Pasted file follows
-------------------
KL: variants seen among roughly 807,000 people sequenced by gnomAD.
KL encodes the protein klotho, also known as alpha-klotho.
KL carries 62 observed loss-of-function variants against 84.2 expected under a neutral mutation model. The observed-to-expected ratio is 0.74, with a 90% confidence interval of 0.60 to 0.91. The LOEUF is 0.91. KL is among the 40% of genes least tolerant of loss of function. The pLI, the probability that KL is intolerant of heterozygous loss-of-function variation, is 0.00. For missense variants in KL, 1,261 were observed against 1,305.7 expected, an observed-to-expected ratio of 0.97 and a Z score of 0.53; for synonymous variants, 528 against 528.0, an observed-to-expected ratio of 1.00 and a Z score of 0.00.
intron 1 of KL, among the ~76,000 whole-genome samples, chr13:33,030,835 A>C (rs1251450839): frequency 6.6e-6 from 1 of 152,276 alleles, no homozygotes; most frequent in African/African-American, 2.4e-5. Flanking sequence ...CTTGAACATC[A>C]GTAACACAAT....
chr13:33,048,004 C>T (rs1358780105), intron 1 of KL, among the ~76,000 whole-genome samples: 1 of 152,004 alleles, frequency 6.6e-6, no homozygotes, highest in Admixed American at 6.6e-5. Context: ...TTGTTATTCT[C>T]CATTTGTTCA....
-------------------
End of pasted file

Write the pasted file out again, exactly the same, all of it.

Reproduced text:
KL: variants seen among roughly 807,000 people sequenced by gnomAD.
KL encodes the protein klotho, also known as alpha-klotho.
KL carries 62 observed loss-of-function variants against 84.2 expected under a neutral mutation model. The observed-to-expected ratio is 0.74, with a 90% confidence interval of 0.60 to 0.91. The LOEUF is 0.91. KL is among the 40% of genes least tolerant of loss of function. The pLI, the probability that KL is intolerant of heterozygous loss-of-function variation, is 0.00. For missense variants in KL, 1,261 were observed against 1,305.7 expected, an observed-to-expected ratio of 0.97 and a Z score of 0.53; for synonymous variants, 528 against 528.0, an observed-to-expected ratio of 1.00 and a Z score of 0.00.
intron 1 of KL, among the ~76,000 whole-genome samples, chr13:33,030,835 A>C (rs1251450839): frequency 6.6e-6 from 1 of 152,276 alleles, no homozygotes; most frequent in African/African-American, 2.4e-5. Flanking sequence ...CTTGAACATC[A>C]GTAACACAAT....
chr13:33,048,004 C>T (rs1358780105), intron 1 of KL, among the ~76,000 whole-genome samples: 1 of 152,004 alleles, frequency 6.6e-6, no homozygotes, highest in Admixed American at 6.6e-5. Context: ...TTGTTATTCT[C>T]CATTTGTTCA....